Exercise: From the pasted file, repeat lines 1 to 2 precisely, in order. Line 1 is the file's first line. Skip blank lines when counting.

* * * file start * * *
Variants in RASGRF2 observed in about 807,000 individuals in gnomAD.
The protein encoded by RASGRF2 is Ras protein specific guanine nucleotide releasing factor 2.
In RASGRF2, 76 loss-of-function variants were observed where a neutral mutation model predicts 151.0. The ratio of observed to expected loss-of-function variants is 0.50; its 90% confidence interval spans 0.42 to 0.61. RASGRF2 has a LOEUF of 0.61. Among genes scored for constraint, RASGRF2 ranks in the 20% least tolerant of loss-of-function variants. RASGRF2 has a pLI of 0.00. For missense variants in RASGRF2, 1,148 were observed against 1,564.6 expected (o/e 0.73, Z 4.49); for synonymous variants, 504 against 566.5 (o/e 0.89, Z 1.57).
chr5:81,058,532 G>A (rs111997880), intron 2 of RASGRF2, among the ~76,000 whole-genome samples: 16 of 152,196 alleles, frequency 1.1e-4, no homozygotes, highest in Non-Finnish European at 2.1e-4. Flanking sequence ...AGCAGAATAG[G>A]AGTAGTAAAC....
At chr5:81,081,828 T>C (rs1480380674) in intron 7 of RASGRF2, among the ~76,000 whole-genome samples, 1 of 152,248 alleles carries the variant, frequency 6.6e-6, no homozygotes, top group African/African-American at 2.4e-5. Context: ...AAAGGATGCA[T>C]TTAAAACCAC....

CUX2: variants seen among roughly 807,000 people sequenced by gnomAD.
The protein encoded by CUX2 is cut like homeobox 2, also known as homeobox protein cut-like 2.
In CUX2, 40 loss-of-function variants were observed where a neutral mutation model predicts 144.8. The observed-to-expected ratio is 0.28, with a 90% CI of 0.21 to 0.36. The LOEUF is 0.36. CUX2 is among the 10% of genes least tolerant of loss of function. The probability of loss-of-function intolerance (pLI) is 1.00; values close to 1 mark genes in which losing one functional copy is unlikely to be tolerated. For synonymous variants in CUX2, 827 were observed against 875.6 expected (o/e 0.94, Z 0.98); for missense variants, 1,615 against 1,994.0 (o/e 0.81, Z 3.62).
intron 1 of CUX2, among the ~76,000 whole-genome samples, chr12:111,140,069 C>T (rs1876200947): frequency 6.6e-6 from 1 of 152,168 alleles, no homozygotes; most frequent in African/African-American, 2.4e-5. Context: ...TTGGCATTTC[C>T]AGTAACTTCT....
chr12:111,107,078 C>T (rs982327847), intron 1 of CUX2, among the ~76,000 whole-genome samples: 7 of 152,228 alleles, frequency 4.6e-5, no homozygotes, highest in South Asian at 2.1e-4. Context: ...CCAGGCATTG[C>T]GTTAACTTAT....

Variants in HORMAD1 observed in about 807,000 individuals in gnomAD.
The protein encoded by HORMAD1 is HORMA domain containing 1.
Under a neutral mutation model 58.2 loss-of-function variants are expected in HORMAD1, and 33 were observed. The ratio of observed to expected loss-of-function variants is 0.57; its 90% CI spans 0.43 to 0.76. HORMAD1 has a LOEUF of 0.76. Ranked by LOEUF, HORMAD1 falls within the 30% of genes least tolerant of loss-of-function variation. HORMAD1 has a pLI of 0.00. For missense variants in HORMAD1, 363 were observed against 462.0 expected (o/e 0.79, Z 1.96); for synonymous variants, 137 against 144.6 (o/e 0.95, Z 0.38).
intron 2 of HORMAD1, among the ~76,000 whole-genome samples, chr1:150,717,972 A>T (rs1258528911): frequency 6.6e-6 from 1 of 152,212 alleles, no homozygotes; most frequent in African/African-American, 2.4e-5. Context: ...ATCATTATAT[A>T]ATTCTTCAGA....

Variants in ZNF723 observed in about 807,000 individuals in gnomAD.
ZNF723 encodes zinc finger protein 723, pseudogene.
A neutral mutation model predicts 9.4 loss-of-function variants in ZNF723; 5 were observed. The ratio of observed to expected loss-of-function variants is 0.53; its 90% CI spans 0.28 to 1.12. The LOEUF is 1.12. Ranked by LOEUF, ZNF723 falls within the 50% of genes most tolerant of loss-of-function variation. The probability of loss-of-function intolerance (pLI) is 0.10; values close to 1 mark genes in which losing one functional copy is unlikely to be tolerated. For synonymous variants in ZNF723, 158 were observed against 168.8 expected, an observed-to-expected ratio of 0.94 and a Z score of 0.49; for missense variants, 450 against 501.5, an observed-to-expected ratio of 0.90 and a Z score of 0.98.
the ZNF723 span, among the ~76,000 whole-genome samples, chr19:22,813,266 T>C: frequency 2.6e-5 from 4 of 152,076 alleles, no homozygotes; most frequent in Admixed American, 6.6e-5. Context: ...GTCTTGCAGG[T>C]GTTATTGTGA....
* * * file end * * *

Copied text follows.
Variants in RASGRF2 observed in about 807,000 individuals in gnomAD.
The protein encoded by RASGRF2 is Ras protein specific guanine nucleotide releasing factor 2.